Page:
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Upon completion of this chapter, you will be able to do the following:

  • Explain data and how it is represented.
  • Explain computer coding systems.
  • Define a parity bit and what it is used for.
  • Explain data storage concepts.
  • Describe three storage access methods.
  • Describe networks and data communications.


One of the major problems we face in using a digital computer is communicating with it. We must have one or more ways of getting data into the computer to be processed. You learned in chapter 2 that there are several types of input devices that read data into a computer. But how does one prepare the data to be used as input? How do we convert human-readable documents into a computer-readable form, and what type of input media do we use? If the data is to be used by another computer some distance away, how do we transmit it? Well, as you probably suspect, there are several ways to perform this conversion and transmission process, and that is the chapter of our discussion.


Data is a general term used to describe raw facts. To put it simply, data is nothing more than a collection of related elements or items, that when properly coded into some type of input medium, can be processed by a computer. Data items might include your service number, your name, your paygrade, or any other fact. Until some meaning has been given to the data, nothing can really be determined about it; therefore, it remains data. When this data has been processed together with other facts, it then has meaning and it becomes information we can understand and properly use.


Data is represented by symbols. Symbols convey meaning only when understood. The symbol itself is not the information, but merely a representation of it. Symbol meaning is one of convention (fig. 4-1).Symbols may convey one meaning to you and me, another meaning to others, and no meaning at all to those that do not know their significance. Data must be reduced to a set of symbols that the computer can read and interpret before there can be any communication with the computer. The first computers were designed to manipulate numbers to solve arithmetic problems. But as you can see in figure 4-1, we create, use, and manipulate many other symbols to represent facts in the world in which we live. We are fortunate that early computer experts soon realized the need to manipulate nonnumerical symbols as well. Manipulating these symbols is possible if an identifying code or coded number is assigned to the symbol to be stored and processed. Thus, the letters in a name such as ALBERT or CAROL can be represented by different codes, as can all special characters, such as #, (,), &, $, @, and yes, even the comma. The data to be represented is called source data.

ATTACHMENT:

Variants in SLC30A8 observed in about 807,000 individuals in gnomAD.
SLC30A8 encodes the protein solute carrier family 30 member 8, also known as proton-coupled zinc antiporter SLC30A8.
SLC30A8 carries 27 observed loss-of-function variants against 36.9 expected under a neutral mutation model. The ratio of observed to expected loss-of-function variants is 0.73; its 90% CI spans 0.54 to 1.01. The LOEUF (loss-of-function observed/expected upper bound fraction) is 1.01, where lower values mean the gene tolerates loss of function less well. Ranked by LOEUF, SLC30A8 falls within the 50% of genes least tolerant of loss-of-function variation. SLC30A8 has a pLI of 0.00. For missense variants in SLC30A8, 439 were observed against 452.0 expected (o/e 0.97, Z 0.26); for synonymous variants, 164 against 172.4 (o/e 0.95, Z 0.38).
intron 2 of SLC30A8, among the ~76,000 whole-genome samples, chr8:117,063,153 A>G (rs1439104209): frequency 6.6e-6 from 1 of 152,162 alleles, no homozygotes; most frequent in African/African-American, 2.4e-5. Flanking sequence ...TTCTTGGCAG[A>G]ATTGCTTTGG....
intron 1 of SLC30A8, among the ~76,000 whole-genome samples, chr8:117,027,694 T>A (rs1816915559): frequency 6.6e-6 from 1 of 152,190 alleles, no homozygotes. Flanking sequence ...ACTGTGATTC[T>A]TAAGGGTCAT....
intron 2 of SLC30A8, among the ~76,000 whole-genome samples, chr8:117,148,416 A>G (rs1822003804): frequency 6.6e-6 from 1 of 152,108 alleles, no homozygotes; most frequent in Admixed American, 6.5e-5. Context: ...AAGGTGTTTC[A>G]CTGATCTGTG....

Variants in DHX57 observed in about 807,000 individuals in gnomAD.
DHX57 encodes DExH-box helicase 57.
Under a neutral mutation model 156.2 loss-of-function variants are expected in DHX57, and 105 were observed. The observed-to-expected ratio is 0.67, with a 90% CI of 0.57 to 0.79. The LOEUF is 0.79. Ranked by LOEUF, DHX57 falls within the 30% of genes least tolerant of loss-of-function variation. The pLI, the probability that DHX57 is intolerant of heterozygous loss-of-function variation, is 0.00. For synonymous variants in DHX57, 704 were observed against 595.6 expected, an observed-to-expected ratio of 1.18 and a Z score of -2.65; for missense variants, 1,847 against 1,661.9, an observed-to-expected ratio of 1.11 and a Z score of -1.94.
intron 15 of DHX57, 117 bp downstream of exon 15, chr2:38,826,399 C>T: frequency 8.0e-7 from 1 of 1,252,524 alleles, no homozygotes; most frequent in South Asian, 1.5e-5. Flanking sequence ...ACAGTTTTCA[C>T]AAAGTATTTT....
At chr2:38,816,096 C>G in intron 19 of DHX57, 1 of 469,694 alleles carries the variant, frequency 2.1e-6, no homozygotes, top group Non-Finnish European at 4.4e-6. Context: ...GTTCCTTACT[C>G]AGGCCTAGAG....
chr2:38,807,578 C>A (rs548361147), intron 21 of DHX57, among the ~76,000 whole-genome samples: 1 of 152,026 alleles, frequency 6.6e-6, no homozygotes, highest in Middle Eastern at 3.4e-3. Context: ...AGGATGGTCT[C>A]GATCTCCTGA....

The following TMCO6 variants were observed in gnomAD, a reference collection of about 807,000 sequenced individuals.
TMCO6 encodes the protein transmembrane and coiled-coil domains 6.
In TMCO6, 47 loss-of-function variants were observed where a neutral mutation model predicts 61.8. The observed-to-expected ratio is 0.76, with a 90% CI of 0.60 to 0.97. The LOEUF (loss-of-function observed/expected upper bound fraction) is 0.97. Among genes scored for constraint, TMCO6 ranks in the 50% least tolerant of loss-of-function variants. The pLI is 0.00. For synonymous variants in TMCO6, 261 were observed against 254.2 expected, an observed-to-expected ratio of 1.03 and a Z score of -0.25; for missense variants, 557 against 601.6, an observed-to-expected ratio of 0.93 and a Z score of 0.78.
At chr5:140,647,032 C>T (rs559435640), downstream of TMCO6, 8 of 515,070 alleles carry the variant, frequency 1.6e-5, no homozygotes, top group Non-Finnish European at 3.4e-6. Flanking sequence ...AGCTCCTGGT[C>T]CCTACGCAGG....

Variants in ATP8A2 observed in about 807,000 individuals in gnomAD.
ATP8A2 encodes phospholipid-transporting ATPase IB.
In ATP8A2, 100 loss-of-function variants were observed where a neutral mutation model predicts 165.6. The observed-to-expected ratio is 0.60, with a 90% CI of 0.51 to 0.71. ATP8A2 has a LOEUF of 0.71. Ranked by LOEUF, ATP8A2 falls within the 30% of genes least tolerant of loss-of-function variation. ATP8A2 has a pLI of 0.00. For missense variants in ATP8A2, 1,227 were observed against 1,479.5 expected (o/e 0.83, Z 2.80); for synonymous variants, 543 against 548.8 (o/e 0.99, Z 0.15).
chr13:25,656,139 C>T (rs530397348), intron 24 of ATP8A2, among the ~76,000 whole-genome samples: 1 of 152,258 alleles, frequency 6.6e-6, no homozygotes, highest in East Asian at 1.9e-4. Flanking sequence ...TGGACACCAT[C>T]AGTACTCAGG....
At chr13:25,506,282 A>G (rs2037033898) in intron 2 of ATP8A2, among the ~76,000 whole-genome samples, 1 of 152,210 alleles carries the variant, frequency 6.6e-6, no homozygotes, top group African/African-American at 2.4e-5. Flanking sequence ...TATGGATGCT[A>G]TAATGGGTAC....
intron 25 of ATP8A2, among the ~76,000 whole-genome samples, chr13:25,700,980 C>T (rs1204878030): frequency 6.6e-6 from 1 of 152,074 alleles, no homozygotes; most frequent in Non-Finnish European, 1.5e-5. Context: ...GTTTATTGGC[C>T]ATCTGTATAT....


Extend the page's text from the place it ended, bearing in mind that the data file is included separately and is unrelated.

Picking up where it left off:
Figure 4-1. - Communications symbols.


Source data or raw data is typically written on some type of paper document, which we refer to as a source document. The data contained on the source document must be converted into a machine-readable form for processing either by direct or indirect means. The data may be entered directly into the computer in its original form; namely right from the source document on which it is recorded by way of magnetic ink characters, optically recognizable characters, or bar code recognition. Or the data on the documents may be entered indirectly on input media, such as punched cards, paper tape, magnetic tape, or magnetic disk. It may also be keyed directly into a computer from a keyboard.

If you look at figure 4-2, you see a list of SERVMART items that have been typed on a preprinted form. To most people this is just another piece of paper; however, to the Storekeeper (SK) it is a source document to be used to provide input data to the computer. In this example, the SERVMART form deals with requisitioning supplies. The form could be sent to the data-entry department to be used as a source document. There the data-entry operator can key the data into or on whatever computer medium is to be used, according to a prescribed format. The data elements are numbered in the order they are to be keyed: (1) document identification, (2) stock number, (3) unit of issue, (4) quantity, and so on. You'll notice we need more than numbers, and that is where coding systems come into play.

Figure 4-2. - SERVMART shopping list (source document).

Q.1 What is a general term used to describe raw facts? answer.gif (214 bytes)
Q.2 How is data represented? answer.gif (214 bytes)
Q.3 What were the first computers designed to manipulate in order to solve arithmetic problems? answer.gif (214 bytes)
Q.4 By what two means can the data contained on a source document be converted into a machine-readable form for processing? answer.gif (214 bytes)
Q.5 What are some of the types of input media on which data may be indirectly entered? answer.gif (214 bytes)

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